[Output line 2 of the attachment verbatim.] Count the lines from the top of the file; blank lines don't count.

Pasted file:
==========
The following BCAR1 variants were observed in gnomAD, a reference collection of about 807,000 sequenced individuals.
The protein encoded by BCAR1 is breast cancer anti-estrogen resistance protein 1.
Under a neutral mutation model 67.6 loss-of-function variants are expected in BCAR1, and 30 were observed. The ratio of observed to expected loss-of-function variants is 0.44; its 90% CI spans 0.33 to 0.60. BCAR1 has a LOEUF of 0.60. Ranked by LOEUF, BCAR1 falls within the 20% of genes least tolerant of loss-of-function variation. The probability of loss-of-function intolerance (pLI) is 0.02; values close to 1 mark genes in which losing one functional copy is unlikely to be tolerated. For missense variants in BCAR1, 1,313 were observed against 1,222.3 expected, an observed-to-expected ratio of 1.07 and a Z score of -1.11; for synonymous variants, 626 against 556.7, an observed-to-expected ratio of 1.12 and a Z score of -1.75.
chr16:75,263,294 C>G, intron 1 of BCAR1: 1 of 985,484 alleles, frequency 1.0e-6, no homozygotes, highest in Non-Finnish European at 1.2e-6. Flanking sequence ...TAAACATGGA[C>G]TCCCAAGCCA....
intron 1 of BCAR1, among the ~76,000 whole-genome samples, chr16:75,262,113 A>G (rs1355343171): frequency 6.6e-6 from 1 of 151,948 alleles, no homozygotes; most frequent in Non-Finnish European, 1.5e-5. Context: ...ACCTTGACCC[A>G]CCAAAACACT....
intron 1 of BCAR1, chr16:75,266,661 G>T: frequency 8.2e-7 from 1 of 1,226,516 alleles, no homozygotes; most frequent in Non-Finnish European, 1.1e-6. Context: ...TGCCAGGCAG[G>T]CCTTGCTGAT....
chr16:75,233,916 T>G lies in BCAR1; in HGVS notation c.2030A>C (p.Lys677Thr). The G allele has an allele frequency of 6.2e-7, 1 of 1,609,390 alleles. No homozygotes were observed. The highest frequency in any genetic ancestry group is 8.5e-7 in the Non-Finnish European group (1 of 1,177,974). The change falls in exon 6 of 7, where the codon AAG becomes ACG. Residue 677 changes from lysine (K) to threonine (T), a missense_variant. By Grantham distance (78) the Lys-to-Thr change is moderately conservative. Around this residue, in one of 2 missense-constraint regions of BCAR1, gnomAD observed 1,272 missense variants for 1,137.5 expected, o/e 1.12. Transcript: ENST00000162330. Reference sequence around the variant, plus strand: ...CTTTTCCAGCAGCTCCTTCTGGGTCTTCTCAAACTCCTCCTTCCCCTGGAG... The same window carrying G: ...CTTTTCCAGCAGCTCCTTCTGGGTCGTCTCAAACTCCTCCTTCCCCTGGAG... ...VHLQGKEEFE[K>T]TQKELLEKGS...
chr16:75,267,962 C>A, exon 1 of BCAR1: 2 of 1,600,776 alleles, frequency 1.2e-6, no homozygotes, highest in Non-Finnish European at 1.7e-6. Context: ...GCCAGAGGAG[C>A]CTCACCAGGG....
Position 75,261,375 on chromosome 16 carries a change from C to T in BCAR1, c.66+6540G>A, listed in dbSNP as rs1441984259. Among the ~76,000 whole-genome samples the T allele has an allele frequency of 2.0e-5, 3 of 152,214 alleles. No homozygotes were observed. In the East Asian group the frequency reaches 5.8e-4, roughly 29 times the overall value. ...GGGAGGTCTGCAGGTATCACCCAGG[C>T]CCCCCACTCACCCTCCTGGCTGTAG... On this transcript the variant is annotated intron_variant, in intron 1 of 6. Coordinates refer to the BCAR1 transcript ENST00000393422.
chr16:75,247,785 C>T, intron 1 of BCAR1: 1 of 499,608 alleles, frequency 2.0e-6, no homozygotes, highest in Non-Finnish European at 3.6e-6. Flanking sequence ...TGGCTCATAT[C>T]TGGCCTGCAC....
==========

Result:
The protein encoded by BCAR1 is breast cancer anti-estrogen resistance protein 1.